You are going to hate (and I mean HATE) my advice but I’m going to tell you now- I’ve seen this work and it will be one of the hardest things you’ve ever done.
Write him a letter, tell him you were wrong and that he’s an adult and that you were so sad that he left but that you understand this is his choice and that you support him and his relationship. That you realize now that you were reacting from a place of fear and confusion, but you see how committed he is to this relationship and you see how committed his girlfriend is.
Now before you freak out at me – is any of this baloney true – fuck no. Not at all. But here’s the thing… your kid is 19. He’s bought into the Romeo and Juliet nonsense where you and your family are the evil Montagues but her family is some weird version of the Capulets where they’re just fine with everything. So your first step – and this is critical – is to take the barriers away. Don’t ask him to come home. Don’t ask him to stop seeing her.
When he tells you how happy he is, tell him how happy you are for him. When he tells you that they are engaged tell him that’s wonderful and you’re happy that your family is growing. THESE ARE ALL LIES. These lies keep the lines of communication open with your kid. When he complains about her – and he will – you say NOTHING bad about her. You say things like “relationships can be hard, but communication and compromise are key” or “each person has to give 100%” – things that sound supportive but give him a little reminder about what he’s not getting. Partnership, common goals, shared responsibilities, whatever you can insert to help him understand that he’s made a terrible mistake but without telling him he’s made a terrible mistake.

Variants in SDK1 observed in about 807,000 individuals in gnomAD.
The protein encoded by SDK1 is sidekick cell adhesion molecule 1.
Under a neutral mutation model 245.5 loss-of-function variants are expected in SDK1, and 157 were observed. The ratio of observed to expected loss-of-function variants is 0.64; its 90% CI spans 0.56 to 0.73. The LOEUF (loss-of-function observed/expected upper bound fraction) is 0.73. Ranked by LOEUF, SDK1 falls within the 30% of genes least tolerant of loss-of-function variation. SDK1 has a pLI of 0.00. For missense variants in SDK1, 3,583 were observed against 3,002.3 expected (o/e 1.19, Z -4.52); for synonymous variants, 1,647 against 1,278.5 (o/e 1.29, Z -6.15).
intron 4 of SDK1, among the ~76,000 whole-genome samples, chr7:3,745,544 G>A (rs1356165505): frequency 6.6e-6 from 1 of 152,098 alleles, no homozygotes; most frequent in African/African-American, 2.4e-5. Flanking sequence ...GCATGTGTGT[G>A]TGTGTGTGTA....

And I’m not lying when I say this is going to be the hardest thing you’ve ever done -but you have to treat your son as if he’s a bitchy coworker who always picks the wrong partner and then complains that the partner is wrong. You have to put seventeen dampers on your emotions because you will want to yell at him and beg him and everything else but if you do that – you’ve shown your hand and it’s all over. Seriously consider getting some anti-anxiety meds to help you through this.
It’s time to treat your kid like an adult. All you can do now is support him and subtly let him know that you’re still there for him, but in a different way. Good luck. This sucks.